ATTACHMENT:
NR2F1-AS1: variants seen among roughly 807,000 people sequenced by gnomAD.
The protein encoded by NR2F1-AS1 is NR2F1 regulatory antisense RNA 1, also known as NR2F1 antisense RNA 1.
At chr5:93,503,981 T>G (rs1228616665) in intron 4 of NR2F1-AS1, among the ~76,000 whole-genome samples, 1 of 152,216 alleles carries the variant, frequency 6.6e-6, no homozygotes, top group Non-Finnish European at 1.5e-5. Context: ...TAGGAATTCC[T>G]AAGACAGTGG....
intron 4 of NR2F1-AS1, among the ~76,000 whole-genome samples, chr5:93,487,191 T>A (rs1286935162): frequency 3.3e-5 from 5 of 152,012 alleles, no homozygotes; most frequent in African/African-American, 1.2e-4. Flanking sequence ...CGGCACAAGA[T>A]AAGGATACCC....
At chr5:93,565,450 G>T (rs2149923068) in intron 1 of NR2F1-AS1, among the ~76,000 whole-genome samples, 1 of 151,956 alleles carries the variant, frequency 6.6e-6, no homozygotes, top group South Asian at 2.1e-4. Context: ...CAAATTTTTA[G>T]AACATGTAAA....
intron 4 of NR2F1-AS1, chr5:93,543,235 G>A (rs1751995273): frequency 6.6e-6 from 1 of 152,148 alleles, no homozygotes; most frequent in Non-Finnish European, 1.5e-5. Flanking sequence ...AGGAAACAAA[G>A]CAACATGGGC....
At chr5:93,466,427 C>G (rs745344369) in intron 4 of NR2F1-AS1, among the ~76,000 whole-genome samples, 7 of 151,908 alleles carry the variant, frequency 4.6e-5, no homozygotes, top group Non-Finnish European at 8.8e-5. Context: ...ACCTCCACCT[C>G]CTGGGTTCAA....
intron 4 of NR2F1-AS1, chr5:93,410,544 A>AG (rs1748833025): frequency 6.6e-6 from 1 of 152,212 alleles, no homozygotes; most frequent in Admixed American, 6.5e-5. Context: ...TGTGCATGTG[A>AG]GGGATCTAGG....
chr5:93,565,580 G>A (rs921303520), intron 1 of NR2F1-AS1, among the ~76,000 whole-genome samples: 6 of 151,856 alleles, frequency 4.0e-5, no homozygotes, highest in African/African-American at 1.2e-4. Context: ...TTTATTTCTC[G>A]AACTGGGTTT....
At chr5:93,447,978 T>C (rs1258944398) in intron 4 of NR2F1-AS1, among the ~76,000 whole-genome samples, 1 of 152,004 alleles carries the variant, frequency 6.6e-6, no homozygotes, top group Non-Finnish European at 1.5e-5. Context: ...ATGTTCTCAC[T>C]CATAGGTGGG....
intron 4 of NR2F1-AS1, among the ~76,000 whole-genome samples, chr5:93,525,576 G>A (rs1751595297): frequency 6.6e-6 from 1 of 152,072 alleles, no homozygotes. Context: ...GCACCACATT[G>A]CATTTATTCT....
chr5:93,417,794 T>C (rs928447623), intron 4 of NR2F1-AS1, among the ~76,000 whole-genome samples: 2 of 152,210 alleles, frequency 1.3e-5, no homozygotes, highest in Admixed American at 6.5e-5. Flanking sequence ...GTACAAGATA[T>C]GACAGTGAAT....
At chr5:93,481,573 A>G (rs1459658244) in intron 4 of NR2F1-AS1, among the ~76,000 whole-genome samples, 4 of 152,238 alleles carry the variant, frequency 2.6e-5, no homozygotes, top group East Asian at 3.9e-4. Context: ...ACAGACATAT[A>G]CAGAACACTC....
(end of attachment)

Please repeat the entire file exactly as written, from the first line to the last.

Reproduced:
NR2F1-AS1: variants seen among roughly 807,000 people sequenced by gnomAD.
The protein encoded by NR2F1-AS1 is NR2F1 regulatory antisense RNA 1, also known as NR2F1 antisense RNA 1.
At chr5:93,503,981 T>G (rs1228616665) in intron 4 of NR2F1-AS1, among the ~76,000 whole-genome samples, 1 of 152,216 alleles carries the variant, frequency 6.6e-6, no homozygotes, top group Non-Finnish European at 1.5e-5. Context: ...TAGGAATTCC[T>G]AAGACAGTGG....
intron 4 of NR2F1-AS1, among the ~76,000 whole-genome samples, chr5:93,487,191 T>A (rs1286935162): frequency 3.3e-5 from 5 of 152,012 alleles, no homozygotes; most frequent in African/African-American, 1.2e-4. Flanking sequence ...CGGCACAAGA[T>A]AAGGATACCC....
At chr5:93,565,450 G>T (rs2149923068) in intron 1 of NR2F1-AS1, among the ~76,000 whole-genome samples, 1 of 151,956 alleles carries the variant, frequency 6.6e-6, no homozygotes, top group South Asian at 2.1e-4. Context: ...CAAATTTTTA[G>T]AACATGTAAA....
intron 4 of NR2F1-AS1, chr5:93,543,235 G>A (rs1751995273): frequency 6.6e-6 from 1 of 152,148 alleles, no homozygotes; most frequent in Non-Finnish European, 1.5e-5. Flanking sequence ...AGGAAACAAA[G>A]CAACATGGGC....
At chr5:93,466,427 C>G (rs745344369) in intron 4 of NR2F1-AS1, among the ~76,000 whole-genome samples, 7 of 151,908 alleles carry the variant, frequency 4.6e-5, no homozygotes, top group Non-Finnish European at 8.8e-5. Context: ...ACCTCCACCT[C>G]CTGGGTTCAA....
intron 4 of NR2F1-AS1, chr5:93,410,544 A>AG (rs1748833025): frequency 6.6e-6 from 1 of 152,212 alleles, no homozygotes; most frequent in Admixed American, 6.5e-5. Context: ...TGTGCATGTG[A>AG]GGGATCTAGG....
chr5:93,565,580 G>A (rs921303520), intron 1 of NR2F1-AS1, among the ~76,000 whole-genome samples: 6 of 151,856 alleles, frequency 4.0e-5, no homozygotes, highest in African/African-American at 1.2e-4. Context: ...TTTATTTCTC[G>A]AACTGGGTTT....
At chr5:93,447,978 T>C (rs1258944398) in intron 4 of NR2F1-AS1, among the ~76,000 whole-genome samples, 1 of 152,004 alleles carries the variant, frequency 6.6e-6, no homozygotes, top group Non-Finnish European at 1.5e-5. Context: ...ATGTTCTCAC[T>C]CATAGGTGGG....
intron 4 of NR2F1-AS1, among the ~76,000 whole-genome samples, chr5:93,525,576 G>A (rs1751595297): frequency 6.6e-6 from 1 of 152,072 alleles, no homozygotes. Context: ...GCACCACATT[G>A]CATTTATTCT....
chr5:93,417,794 T>C (rs928447623), intron 4 of NR2F1-AS1, among the ~76,000 whole-genome samples: 2 of 152,210 alleles, frequency 1.3e-5, no homozygotes, highest in Admixed American at 6.5e-5. Flanking sequence ...GTACAAGATA[T>C]GACAGTGAAT....
At chr5:93,481,573 A>G (rs1459658244) in intron 4 of NR2F1-AS1, among the ~76,000 whole-genome samples, 4 of 152,238 alleles carry the variant, frequency 2.6e-5, no homozygotes, top group East Asian at 3.9e-4. Context: ...ACAGACATAT[A>G]CAGAACACTC....